Cardiff University spin-out Asalus is launching a range of medical devices that it claims will significantly improve the safety and efficiency of laparoscopic surgery.
Founded on the inventions of Neil Warren, manager of the Wales Institute of Minimal Access Therapy (WIMAT), the group believes that in the next few years its latest instruments will change the way doctors perform keyhole surgery on the abdomen.
Dominic Griffiths, director of the group, said that surgeons are currently faced with a range of difficulties in performing these operations, including smoke contamination (caused by electrosurgical ablation), traumatic tissue removal and a cooling down of the body cavity. ’A lot of these problems can be overcome using better-designed instruments,’ explained Griffiths. ’For instance, smoke filling the operating area is a common problem for surgeons during laparoscopy. Existing technology sucks the smoke out of the body using a vacuum. This not only cools the body down, but also dries it out.’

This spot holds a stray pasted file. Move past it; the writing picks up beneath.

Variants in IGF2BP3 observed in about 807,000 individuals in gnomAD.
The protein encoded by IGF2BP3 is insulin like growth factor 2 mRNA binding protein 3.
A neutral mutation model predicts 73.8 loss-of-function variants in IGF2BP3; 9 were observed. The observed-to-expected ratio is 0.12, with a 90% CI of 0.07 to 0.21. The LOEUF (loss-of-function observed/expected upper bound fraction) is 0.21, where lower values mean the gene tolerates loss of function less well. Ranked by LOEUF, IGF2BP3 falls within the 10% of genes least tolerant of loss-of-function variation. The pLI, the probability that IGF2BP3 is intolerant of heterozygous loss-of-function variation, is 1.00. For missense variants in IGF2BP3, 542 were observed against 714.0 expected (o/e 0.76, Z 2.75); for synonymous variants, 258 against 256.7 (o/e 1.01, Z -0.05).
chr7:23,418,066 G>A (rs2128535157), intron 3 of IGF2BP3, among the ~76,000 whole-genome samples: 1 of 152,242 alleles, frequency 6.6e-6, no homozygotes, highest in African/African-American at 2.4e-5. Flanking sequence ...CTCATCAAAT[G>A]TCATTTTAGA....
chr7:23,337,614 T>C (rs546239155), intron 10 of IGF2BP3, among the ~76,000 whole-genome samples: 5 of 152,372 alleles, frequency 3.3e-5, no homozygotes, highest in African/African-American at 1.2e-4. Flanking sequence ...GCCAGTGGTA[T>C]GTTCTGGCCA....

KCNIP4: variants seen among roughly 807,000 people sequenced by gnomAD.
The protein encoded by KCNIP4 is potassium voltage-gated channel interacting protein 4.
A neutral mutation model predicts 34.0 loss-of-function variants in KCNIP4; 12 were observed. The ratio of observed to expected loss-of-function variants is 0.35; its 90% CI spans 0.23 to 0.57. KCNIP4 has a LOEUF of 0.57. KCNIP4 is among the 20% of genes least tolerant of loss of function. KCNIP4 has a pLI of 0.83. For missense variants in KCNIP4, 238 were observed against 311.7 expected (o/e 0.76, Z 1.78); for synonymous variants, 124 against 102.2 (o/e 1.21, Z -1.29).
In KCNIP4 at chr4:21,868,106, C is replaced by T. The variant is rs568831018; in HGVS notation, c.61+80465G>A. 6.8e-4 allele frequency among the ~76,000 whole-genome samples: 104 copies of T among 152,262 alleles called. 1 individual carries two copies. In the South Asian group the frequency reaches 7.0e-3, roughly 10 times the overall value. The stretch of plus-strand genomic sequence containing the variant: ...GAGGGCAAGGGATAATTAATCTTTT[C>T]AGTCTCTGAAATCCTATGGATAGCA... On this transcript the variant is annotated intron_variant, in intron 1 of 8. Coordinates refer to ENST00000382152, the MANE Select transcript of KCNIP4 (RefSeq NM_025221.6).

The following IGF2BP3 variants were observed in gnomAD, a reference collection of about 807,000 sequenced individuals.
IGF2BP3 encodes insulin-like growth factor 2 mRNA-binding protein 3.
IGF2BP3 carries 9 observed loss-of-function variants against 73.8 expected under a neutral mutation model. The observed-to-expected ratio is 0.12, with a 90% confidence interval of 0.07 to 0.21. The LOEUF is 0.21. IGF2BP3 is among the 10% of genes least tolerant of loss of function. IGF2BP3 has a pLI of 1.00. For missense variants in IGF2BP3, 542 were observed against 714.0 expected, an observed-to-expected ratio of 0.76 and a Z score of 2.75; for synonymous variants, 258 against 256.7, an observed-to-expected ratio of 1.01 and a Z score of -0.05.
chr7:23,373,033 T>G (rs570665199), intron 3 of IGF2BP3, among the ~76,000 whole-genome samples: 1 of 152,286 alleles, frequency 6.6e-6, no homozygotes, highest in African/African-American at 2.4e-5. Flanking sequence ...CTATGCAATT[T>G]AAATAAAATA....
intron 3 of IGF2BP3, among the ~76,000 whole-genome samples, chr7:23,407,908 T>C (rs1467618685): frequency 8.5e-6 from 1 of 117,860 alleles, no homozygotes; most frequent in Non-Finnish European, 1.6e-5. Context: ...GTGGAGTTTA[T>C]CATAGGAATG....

Griffiths added that an alternative would be to let the smoke escape through incisions in the body. However this can contaminate the operating theatre and is not ideal for longer operations, which can take up to four to six hours.
Asalus claims its smoke-removal device removes the need for both of these methods. Based on existing technology used in the electronic and automotive industry, the system creates a needle-sized incision that can remove the smoke instantaneously without altering the body temperature of the patient.
Using funding from venture capitalist Fusion IP, Asalus plans to commercialise its smoke-clearance device, alongside a novel access port and multifunctional manipulator, by 2012. The group has filed a patent for all three systems and hopes to release further details in the next six months.